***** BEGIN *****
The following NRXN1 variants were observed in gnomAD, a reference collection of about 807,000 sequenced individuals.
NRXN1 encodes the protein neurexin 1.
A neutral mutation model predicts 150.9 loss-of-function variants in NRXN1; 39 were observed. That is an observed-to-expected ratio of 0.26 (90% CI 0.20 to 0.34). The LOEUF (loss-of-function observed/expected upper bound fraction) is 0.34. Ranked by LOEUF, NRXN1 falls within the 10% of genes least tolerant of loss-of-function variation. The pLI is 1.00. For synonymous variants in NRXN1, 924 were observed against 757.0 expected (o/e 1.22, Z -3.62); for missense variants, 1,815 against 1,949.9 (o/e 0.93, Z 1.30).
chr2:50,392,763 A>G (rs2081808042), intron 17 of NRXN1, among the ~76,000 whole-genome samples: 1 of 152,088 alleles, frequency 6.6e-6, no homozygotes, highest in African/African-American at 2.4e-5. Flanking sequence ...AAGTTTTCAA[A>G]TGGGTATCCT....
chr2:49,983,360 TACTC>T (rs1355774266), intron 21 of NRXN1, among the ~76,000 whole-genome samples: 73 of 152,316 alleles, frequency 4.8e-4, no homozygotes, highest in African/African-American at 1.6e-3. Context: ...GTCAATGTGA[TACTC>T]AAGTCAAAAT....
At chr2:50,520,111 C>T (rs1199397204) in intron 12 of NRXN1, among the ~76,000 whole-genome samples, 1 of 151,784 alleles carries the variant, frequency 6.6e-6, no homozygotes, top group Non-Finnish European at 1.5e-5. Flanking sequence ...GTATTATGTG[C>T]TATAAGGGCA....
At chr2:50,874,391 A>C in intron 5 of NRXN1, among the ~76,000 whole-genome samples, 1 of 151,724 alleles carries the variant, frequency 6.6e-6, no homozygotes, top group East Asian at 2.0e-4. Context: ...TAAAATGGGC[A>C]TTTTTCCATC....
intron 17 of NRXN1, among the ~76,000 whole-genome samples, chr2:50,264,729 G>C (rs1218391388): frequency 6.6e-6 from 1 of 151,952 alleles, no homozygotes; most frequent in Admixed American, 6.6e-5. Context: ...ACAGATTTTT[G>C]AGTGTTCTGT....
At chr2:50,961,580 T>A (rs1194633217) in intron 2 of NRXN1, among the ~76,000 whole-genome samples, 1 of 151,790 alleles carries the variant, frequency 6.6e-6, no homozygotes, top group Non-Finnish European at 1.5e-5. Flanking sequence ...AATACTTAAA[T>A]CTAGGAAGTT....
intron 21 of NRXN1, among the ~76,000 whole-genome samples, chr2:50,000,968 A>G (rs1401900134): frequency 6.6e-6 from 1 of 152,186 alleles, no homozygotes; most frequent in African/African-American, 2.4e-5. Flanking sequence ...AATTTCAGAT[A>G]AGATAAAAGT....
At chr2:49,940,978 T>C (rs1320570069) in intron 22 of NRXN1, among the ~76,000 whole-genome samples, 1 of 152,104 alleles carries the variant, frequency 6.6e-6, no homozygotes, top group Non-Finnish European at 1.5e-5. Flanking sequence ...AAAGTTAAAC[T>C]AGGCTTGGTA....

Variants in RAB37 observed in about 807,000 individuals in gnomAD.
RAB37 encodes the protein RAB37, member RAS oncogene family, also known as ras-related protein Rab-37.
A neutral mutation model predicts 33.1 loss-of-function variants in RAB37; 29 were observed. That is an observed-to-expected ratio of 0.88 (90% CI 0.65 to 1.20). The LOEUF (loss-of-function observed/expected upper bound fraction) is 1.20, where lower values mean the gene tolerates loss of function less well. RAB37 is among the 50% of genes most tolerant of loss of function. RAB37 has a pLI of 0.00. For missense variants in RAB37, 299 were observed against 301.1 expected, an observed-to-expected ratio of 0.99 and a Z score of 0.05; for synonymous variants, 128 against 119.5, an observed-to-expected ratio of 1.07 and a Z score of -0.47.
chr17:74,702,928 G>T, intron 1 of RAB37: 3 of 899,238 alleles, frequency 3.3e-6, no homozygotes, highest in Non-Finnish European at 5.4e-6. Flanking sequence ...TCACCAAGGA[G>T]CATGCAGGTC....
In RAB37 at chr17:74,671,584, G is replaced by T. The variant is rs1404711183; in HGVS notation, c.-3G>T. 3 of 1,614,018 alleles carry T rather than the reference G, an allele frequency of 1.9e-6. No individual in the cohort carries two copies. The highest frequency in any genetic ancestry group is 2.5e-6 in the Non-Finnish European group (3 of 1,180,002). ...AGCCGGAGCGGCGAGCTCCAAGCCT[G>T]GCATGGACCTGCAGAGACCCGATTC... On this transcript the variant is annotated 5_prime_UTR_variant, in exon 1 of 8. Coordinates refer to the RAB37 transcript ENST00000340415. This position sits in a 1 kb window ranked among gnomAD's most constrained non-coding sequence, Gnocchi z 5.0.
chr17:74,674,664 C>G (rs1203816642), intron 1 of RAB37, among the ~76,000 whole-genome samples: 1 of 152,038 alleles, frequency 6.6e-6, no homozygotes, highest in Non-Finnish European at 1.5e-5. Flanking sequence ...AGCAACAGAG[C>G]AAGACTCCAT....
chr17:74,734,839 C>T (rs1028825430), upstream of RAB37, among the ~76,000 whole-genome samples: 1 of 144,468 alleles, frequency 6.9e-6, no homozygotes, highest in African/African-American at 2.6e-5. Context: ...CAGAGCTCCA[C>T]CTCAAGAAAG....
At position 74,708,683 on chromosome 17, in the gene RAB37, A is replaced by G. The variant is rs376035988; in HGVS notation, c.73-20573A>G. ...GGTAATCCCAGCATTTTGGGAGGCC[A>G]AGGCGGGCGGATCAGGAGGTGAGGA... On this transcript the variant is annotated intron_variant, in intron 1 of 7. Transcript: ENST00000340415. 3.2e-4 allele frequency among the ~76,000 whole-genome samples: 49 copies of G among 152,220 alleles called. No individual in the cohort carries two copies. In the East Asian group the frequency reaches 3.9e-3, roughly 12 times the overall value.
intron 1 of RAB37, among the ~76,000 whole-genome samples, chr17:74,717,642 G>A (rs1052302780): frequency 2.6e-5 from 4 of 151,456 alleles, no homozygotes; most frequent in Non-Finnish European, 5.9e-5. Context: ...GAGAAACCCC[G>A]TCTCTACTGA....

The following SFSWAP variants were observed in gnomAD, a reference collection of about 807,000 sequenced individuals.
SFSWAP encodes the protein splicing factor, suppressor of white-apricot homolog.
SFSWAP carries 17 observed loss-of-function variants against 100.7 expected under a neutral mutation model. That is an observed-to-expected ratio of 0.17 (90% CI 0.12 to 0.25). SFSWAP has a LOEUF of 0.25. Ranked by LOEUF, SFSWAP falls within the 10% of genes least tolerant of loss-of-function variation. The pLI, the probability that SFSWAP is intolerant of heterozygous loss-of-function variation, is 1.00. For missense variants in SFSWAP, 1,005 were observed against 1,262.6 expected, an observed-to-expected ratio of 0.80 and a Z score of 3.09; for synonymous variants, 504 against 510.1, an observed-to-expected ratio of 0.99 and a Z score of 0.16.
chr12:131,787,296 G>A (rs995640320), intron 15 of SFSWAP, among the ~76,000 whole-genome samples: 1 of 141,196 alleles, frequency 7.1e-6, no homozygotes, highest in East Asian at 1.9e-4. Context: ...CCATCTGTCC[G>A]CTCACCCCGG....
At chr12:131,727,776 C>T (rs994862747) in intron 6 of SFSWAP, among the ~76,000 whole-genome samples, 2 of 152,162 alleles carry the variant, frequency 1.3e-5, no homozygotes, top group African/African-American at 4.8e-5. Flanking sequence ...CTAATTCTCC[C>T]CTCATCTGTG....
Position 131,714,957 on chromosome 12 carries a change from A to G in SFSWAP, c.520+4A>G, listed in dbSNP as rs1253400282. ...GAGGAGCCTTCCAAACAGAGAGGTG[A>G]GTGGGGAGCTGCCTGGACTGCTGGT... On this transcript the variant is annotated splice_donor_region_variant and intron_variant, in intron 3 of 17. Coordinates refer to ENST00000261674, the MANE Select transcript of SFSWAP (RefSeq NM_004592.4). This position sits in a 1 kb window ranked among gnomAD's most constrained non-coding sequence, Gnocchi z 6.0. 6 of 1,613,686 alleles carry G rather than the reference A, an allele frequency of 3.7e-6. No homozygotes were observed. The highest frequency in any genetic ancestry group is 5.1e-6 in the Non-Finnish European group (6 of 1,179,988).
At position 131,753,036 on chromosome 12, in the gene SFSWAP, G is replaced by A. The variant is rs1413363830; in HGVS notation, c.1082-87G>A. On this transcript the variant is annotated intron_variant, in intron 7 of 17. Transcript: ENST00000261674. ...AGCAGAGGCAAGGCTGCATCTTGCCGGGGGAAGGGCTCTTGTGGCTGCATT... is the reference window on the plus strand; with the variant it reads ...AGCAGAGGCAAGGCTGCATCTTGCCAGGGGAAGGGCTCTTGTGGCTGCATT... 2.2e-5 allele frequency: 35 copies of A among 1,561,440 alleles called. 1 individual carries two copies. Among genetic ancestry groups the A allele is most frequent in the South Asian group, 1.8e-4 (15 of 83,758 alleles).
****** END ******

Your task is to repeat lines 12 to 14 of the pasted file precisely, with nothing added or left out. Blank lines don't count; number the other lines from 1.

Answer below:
Variants in RAB37 observed in about 807,000 individuals in gnomAD.
RAB37 encodes the protein RAB37, member RAS oncogene family, also known as ras-related protein Rab-37.
A neutral mutation model predicts 33.1 loss-of-function variants in RAB37; 29 were observed. That is an observed-to-expected ratio of 0.88 (90% CI 0.65 to 1.20). The LOEUF (loss-of-function observed/expected upper bound fraction) is 1.20, where lower values mean the gene tolerates loss of function less well. RAB37 is among the 50% of genes most tolerant of loss of function. RAB37 has a pLI of 0.00. For missense variants in RAB37, 299 were observed against 301.1 expected, an observed-to-expected ratio of 0.99 and a Z score of 0.05; for synonymous variants, 128 against 119.5, an observed-to-expected ratio of 1.07 and a Z score of -0.47.